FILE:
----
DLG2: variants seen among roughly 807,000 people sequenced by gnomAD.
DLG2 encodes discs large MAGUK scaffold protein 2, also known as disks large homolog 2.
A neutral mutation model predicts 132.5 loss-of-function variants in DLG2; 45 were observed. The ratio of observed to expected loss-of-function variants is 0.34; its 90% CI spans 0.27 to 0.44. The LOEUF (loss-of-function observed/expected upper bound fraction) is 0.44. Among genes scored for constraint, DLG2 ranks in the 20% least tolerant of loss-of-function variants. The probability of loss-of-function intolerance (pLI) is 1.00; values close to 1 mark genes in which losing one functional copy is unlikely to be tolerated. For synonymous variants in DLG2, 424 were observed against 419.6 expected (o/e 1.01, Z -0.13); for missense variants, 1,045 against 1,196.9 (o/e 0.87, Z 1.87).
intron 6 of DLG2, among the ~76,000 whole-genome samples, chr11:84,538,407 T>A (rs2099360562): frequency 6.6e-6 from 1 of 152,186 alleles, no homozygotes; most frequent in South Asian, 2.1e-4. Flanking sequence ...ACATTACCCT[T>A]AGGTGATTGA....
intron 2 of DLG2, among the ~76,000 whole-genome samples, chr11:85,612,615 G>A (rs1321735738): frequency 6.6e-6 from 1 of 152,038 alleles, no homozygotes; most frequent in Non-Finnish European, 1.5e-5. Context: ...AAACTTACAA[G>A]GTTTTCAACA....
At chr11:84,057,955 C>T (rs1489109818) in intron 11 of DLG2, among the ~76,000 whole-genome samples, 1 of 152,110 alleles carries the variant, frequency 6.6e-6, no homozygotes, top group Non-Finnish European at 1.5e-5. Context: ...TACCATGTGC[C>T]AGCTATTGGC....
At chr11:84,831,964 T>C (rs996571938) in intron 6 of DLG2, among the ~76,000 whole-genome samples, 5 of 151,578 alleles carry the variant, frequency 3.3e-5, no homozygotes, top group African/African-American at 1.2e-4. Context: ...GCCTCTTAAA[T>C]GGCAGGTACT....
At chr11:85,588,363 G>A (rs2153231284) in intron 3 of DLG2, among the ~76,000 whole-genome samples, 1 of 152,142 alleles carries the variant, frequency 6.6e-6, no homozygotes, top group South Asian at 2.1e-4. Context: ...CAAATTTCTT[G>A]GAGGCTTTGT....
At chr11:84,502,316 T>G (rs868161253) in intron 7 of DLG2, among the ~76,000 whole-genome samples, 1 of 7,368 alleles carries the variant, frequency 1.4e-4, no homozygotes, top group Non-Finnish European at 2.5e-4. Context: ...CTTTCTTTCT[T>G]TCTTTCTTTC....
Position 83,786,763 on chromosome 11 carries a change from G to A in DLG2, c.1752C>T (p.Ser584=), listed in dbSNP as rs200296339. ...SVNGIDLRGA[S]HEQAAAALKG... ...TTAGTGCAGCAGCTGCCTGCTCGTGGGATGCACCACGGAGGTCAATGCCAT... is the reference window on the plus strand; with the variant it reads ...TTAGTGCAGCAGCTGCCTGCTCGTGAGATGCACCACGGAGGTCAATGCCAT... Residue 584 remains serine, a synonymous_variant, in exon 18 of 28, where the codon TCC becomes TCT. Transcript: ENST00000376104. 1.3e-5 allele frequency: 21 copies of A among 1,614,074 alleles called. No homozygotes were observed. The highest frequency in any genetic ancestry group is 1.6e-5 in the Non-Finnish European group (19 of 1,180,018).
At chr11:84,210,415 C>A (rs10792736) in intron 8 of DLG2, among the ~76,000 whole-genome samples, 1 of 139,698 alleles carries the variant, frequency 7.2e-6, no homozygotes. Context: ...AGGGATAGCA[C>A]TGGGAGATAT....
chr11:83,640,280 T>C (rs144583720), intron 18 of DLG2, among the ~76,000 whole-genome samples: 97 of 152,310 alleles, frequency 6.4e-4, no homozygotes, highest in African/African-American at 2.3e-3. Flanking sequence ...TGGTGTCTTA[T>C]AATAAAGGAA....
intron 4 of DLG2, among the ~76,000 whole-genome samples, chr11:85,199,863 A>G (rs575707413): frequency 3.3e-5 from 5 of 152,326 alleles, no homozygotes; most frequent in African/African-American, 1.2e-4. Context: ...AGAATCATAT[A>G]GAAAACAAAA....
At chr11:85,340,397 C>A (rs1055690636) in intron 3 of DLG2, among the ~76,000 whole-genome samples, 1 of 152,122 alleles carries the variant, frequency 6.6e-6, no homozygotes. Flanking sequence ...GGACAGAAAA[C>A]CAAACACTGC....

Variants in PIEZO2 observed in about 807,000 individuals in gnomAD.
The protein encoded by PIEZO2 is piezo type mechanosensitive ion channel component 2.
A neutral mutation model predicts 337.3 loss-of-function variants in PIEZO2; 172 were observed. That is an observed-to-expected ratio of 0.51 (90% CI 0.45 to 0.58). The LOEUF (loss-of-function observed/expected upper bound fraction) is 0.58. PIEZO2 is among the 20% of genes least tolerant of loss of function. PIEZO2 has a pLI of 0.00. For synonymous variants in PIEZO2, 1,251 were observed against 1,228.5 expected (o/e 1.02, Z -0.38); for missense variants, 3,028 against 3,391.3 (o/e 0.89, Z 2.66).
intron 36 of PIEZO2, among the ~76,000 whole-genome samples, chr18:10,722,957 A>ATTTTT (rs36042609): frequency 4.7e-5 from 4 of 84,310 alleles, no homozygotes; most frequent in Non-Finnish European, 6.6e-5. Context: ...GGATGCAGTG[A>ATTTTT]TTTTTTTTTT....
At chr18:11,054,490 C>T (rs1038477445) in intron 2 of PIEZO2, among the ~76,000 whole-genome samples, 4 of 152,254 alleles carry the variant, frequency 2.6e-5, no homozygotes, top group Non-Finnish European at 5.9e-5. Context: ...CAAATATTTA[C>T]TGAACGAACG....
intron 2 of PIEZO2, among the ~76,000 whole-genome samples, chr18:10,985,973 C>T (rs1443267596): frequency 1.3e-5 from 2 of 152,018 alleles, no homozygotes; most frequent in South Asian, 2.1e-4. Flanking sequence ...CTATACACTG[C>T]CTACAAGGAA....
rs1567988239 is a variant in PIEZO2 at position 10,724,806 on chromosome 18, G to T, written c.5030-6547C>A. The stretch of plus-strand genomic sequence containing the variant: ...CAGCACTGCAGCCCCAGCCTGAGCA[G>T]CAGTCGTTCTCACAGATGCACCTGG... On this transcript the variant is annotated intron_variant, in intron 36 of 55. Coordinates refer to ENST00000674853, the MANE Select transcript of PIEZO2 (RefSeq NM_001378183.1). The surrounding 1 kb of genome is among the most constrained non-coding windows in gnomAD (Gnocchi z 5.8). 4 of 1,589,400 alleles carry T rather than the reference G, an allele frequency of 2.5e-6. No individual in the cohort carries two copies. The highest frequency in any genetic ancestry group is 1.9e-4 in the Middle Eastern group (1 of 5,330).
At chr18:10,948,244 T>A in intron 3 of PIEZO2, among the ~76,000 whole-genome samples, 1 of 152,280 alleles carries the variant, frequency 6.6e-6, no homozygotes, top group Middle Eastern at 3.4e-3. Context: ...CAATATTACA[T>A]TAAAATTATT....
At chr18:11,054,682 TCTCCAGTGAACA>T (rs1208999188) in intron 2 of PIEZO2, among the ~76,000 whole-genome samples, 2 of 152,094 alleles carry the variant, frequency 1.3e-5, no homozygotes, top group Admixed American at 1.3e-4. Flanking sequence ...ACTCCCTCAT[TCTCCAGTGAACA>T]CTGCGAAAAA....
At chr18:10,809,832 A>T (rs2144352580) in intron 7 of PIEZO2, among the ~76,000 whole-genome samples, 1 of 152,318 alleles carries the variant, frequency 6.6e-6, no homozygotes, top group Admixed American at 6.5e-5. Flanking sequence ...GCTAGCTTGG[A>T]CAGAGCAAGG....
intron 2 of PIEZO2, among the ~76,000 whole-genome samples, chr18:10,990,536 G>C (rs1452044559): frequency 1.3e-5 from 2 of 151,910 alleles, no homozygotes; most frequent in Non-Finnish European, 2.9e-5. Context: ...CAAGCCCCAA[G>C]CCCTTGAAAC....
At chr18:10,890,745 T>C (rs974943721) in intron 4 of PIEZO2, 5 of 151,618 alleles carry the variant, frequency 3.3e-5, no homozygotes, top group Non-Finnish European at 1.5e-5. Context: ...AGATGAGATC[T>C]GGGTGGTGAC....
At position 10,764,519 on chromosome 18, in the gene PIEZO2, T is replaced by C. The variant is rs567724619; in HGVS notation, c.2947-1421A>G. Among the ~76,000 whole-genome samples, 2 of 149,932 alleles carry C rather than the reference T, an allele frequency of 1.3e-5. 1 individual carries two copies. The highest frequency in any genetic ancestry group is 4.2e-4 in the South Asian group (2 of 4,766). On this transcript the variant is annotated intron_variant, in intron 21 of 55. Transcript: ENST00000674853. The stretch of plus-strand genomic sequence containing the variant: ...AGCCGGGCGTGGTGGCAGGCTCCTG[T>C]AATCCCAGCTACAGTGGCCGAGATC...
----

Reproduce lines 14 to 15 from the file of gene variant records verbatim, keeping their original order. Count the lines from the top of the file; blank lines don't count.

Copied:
At chr11:85,340,397 C>A (rs1055690636) in intron 3 of DLG2, among the ~76,000 whole-genome samples, 1 of 152,122 alleles carries the variant, frequency 6.6e-6, no homozygotes. Flanking sequence ...GGACAGAAAA[C>A]CAAACACTGC....

Variants in PIEZO2 observed in about 807,000 individuals in gnomAD.